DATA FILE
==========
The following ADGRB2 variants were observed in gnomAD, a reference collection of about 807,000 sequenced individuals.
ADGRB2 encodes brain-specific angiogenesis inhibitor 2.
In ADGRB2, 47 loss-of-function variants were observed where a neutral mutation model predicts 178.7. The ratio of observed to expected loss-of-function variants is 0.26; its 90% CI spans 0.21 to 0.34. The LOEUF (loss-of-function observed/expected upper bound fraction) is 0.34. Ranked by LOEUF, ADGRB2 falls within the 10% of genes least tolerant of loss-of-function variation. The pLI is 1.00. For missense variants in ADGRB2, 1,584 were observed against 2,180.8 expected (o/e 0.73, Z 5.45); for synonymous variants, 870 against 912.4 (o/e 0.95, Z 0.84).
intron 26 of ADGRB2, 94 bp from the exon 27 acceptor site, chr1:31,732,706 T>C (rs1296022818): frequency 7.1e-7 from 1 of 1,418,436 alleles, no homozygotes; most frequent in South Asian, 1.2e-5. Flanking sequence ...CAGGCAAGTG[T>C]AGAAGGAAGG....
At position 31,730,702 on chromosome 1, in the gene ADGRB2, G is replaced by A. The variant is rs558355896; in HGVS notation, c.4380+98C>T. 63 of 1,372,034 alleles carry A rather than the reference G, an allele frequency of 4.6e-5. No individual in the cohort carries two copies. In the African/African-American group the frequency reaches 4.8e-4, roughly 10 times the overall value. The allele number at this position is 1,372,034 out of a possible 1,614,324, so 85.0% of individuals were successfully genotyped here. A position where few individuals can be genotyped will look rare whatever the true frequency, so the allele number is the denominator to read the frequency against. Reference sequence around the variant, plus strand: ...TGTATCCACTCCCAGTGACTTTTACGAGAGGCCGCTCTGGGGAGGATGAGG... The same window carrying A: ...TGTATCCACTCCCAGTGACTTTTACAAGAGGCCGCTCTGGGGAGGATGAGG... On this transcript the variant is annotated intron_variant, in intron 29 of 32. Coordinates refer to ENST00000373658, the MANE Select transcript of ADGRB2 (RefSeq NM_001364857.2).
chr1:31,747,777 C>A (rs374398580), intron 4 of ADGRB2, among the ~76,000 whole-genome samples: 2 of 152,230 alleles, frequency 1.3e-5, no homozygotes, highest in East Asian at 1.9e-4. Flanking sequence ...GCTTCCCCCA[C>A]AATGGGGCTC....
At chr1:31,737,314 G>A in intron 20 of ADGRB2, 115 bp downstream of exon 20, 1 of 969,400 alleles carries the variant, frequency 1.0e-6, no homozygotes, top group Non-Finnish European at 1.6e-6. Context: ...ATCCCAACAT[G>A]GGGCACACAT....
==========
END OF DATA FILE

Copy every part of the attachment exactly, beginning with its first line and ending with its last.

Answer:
The following ADGRB2 variants were observed in gnomAD, a reference collection of about 807,000 sequenced individuals.
ADGRB2 encodes brain-specific angiogenesis inhibitor 2.
In ADGRB2, 47 loss-of-function variants were observed where a neutral mutation model predicts 178.7. The ratio of observed to expected loss-of-function variants is 0.26; its 90% CI spans 0.21 to 0.34. The LOEUF (loss-of-function observed/expected upper bound fraction) is 0.34. Ranked by LOEUF, ADGRB2 falls within the 10% of genes least tolerant of loss-of-function variation. The pLI is 1.00. For missense variants in ADGRB2, 1,584 were observed against 2,180.8 expected (o/e 0.73, Z 5.45); for synonymous variants, 870 against 912.4 (o/e 0.95, Z 0.84).
intron 26 of ADGRB2, 94 bp from the exon 27 acceptor site, chr1:31,732,706 T>C (rs1296022818): frequency 7.1e-7 from 1 of 1,418,436 alleles, no homozygotes; most frequent in South Asian, 1.2e-5. Flanking sequence ...CAGGCAAGTG[T>C]AGAAGGAAGG....
At position 31,730,702 on chromosome 1, in the gene ADGRB2, G is replaced by A. The variant is rs558355896; in HGVS notation, c.4380+98C>T. 63 of 1,372,034 alleles carry A rather than the reference G, an allele frequency of 4.6e-5. No individual in the cohort carries two copies. In the African/African-American group the frequency reaches 4.8e-4, roughly 10 times the overall value. The allele number at this position is 1,372,034 out of a possible 1,614,324, so 85.0% of individuals were successfully genotyped here. A position where few individuals can be genotyped will look rare whatever the true frequency, so the allele number is the denominator to read the frequency against. Reference sequence around the variant, plus strand: ...TGTATCCACTCCCAGTGACTTTTACGAGAGGCCGCTCTGGGGAGGATGAGG... The same window carrying A: ...TGTATCCACTCCCAGTGACTTTTACAAGAGGCCGCTCTGGGGAGGATGAGG... On this transcript the variant is annotated intron_variant, in intron 29 of 32. Coordinates refer to ENST00000373658, the MANE Select transcript of ADGRB2 (RefSeq NM_001364857.2).
chr1:31,747,777 C>A (rs374398580), intron 4 of ADGRB2, among the ~76,000 whole-genome samples: 2 of 152,230 alleles, frequency 1.3e-5, no homozygotes, highest in East Asian at 1.9e-4. Flanking sequence ...GCTTCCCCCA[C>A]AATGGGGCTC....
At chr1:31,737,314 G>A in intron 20 of ADGRB2, 115 bp downstream of exon 20, 1 of 969,400 alleles carries the variant, frequency 1.0e-6, no homozygotes, top group Non-Finnish European at 1.6e-6. Context: ...ATCCCAACAT[G>A]GGGCACACAT....